Meridian Star

April 11, 2013

Soccer provides family bond

Tony Tsoukalas
The Meridian Star

MERIDIAN — In some ways, things are a lot different for Ron Reid and his daughter Harley. Some things, however, will never change.

    Reid has coached his daughter since she was four years old in the Meridian Youth Soccer Organization’s U5 league and now coaches Harley and the Meridian Storm in the Girls U7 league. The difference in play, is noticeable.

    “When we started, you’d see all the little girls, and they’d just be in a bee swarm around the ball,” Reid said. “There are no goalies and no method to the game. It was just, let’s go out and have fun, and if we kick it in a goal, whether it’s ours or the other team’s goal, it’s all fun.

    “Now, it has progressed to having goalies and positions and developing the attention span to hold that position. The girls have definitely come a long way.”

    The thing that won’t change is the bond formed by the two through soccer. Reid said his daughter shares the same outgoing personality he has, and the two often give each other a hard time back and forth during practice.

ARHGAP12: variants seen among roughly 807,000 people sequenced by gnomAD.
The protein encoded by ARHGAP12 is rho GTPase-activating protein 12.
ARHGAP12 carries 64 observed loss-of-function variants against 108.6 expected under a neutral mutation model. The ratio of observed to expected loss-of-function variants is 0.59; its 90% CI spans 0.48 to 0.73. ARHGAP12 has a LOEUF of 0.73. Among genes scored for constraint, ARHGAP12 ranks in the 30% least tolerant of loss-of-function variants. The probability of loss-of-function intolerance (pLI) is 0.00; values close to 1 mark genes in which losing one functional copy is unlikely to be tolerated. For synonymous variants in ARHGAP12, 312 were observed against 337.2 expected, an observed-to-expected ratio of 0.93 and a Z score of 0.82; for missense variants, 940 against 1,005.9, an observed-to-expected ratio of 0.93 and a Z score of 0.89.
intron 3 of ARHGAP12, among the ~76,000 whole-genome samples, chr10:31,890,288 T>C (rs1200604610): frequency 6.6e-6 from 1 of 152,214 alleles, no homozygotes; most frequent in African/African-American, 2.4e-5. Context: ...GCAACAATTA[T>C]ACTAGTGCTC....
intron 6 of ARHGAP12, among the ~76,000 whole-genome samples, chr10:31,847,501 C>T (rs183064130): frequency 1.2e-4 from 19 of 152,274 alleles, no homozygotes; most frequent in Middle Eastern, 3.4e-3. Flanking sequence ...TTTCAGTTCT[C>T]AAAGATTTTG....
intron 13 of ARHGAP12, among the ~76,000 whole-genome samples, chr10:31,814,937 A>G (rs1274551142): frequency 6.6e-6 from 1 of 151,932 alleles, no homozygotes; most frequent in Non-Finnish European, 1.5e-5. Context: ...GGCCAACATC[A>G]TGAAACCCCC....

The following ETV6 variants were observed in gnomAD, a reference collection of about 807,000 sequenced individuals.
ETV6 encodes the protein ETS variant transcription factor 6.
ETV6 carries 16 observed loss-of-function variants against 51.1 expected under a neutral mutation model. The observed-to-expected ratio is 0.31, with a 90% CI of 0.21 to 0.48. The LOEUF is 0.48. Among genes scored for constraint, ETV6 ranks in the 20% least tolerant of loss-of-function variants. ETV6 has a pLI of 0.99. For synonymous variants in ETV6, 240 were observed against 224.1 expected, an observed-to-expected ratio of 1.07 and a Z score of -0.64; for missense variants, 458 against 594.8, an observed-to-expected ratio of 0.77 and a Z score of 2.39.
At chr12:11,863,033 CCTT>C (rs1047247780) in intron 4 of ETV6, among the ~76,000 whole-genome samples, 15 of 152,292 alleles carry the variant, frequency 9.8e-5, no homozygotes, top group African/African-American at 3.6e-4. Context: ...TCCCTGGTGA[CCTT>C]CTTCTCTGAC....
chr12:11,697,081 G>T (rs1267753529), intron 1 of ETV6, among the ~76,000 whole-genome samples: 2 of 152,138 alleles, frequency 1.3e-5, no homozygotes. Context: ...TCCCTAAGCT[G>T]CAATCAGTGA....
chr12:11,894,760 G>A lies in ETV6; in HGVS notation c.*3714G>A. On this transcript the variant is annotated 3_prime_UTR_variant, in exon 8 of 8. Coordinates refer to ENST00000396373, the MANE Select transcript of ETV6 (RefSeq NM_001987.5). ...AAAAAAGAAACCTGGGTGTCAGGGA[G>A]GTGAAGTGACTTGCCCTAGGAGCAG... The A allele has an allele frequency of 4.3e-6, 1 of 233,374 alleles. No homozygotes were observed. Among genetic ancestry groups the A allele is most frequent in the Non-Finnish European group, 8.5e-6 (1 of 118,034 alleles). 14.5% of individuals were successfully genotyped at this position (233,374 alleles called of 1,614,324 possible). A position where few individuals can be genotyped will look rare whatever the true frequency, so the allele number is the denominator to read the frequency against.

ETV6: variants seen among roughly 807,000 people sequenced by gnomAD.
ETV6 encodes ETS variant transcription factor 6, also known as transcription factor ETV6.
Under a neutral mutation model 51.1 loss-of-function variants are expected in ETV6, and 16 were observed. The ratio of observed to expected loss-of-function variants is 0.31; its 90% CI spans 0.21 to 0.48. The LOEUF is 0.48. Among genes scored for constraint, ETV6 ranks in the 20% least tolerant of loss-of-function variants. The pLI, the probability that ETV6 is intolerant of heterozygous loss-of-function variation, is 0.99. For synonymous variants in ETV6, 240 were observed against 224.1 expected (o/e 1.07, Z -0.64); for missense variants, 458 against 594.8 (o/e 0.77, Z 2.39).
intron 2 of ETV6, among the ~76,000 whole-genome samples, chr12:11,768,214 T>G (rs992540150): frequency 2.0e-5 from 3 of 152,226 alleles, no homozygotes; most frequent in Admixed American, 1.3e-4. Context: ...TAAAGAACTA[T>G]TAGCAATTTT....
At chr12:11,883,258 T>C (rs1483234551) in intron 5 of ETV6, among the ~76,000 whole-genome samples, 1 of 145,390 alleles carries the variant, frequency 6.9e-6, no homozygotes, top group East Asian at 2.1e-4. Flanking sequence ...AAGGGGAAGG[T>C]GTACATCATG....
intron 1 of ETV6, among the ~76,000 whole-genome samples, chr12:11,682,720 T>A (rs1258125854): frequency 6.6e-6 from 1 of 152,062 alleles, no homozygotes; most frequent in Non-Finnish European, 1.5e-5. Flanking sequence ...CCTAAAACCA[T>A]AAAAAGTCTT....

However, the bond does have its trying moments. Reid said he remembers one infamous encounter when Harley and another little girl got into a scuffle on the field.

    “There is one story, and I almost hate to tell it,” Reid said hesitantly. “When she first started playing, they were in the little bee swarm chasing the ball around. This little girl kept kind of pushing Harley, pulling on her jersey and shoving her around.”

    “That’s when I punched her,” Harley interrupted her dad.

    Shrugging his shoulders, Reid shook his head and smiled.

    “We learned from that experience that we do not punch people on the soccer field.” Reid said.

    Hard situations like that are few and far to come by on the soccer field Reid said. Most of the time, the game allows him and his daughter to participate in something they love together.

    “Soccer is my favorite sport,” Harley said. “It’s just really fun running up and down and kicking.”

    Reid said the only hard part about coaching his daughter is finding ways to give every girl on the team the equal amount of attention.

    “I was afraid it would be hard to separate being a dad and being a coach,” Reid said. “But, the only thing that is hard to do is not show partiality towards your own child. That’s the hardest part in coaching my daughter is making sure everybody on the team gets the same amount of attention.”

    That process has become a lot easier over time, as Reid now finds he has more than one daughter on the field –– he has a whole team of them.

    “As time goes, you realize they are all like your own.” Reid said.